After my drink, I continued on the Camí de Cavalls, into a pine forest and after putting a couple of kilometres between myself and the town, left the trail, found two appropriate spaced trees and hung my hammock between them. This hammock was a new addition to my cycling equipment and cost just £8.99 from Decathlon. I had never slept in a hammock before that day, so I spent a while ensuring that the knots were tight. Quite quickly I realised I had a problem in the form of ants, that seemed to have ant "motorways" up every tree in the wood. Long trails of ants moved up and down the trunks and they were using my hammock as a route between two trees. There wasn't really an option to put it anywhere else though and the ants didn't bite so I had to live with a trail of ants crawling across my bed during the night. Other than the ants, the hammock was very comfortable. I ate the food I bought earlier and went to sleep with the distant dance music coming from the nightclubs in the nearby town, audible above the sound of crickets.

Day 2: Short of water on the Northern Sea Cliffs

I awoke in my hammock as the sun rose and was happy to find that I wasn't covered in ants, whose activity levels seemed to have dropped during the night. After a quick breakfast of ham, cheese and bread, I cycled out of the wood and passed through a small town where I stocked up with more food and water. The trail once again reached the coast, where a group of six French cyclists were joining the trail. They were all riding expensive full suspension mountain bikes but were intrigued by my fatbike. Although fatbikes are becoming more common, they are still a rare sight and are definitely viewed as a novelty! I have lost count of the number of times that I've been asked "why does your bike have such large wheels?!". On the first beach the relative performance of both bike types on sand was clear! I flew past the French, riding on the loose sand as if it were a tarmac road, whereas their skinnier tyres sank into the beach, meaning that they had to push. The fatbike also gripped far better on the technical climb on the other side of the beach, meaning I could ride a lot more of the trail than the French guys. I had set up the fatbike with an extremely small front chainring, which made it easy to pedal on steep climbs. Not needing a large gear on this sort of trail, it was a great decision and meant I could cycle some very technical climbs fairly easily. The fatbike has amazing stability too, with its relatively heavy, high-inertia wheels that keep the bike upright, working somewhat like a gyroscope.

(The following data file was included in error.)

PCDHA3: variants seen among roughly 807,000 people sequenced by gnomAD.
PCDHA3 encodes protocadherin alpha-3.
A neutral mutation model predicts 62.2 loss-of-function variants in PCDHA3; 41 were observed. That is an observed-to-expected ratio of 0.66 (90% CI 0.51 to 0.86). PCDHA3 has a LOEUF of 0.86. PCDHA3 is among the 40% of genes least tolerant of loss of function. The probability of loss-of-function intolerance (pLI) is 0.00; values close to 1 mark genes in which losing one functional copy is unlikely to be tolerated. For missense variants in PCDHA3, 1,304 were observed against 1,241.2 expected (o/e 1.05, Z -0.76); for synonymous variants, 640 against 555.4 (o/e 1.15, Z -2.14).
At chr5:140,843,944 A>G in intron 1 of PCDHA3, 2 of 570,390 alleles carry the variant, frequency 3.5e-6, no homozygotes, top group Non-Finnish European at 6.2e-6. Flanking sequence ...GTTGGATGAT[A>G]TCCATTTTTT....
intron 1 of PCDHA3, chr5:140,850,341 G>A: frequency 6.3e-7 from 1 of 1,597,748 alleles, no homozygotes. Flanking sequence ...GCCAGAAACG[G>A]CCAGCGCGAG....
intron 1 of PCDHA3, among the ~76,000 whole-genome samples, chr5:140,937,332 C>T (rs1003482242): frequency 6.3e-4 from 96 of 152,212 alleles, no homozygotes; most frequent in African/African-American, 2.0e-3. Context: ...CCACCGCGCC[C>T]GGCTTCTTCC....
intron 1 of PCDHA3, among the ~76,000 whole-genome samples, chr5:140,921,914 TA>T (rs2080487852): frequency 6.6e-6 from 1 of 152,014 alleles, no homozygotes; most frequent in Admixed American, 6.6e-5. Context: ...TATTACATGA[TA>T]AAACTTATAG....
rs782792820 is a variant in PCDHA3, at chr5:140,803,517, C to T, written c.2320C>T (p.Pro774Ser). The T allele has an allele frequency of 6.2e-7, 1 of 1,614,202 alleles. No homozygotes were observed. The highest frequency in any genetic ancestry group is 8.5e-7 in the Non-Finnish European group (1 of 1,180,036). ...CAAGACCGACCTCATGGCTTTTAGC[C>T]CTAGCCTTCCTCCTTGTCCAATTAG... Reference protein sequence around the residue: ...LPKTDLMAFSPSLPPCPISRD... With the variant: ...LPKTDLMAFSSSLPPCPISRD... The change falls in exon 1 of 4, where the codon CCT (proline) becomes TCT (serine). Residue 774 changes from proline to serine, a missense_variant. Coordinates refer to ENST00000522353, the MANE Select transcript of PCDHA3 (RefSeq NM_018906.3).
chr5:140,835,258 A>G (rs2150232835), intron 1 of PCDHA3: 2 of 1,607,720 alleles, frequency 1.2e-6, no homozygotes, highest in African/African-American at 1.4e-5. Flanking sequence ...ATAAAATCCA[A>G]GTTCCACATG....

The trail continued in its incredibly varied way, passing through many different environments, including thin passageways between high dry stone walls, which Menorca is famous for. On this day, I cycled past the most beautiful beaches of my lap of Menorca. One of which was entirely empty, situated in a bay, with large rugged sea cliffs sheltering the soft sand from the Mediterranean. I got off the bike went for a swim, trying to get a photo of the colourful fish with my phone, that is advertised as also working as an underwater camera. It didn't... About 20 seconds after submerging it, the phone turned off and wouldn't respond at all. Damn! All my photos from the previous day were on it and it was the only camera I had with me. I hoped that when it dried out I'd be able to resurrect it, but I was unable to take any more photos that day. This was unfortunate, since almost straight away after restarting my ride, I saw three mountain goats on a ledge right at the top of a high sea cliff, which would have made a fantastic photo.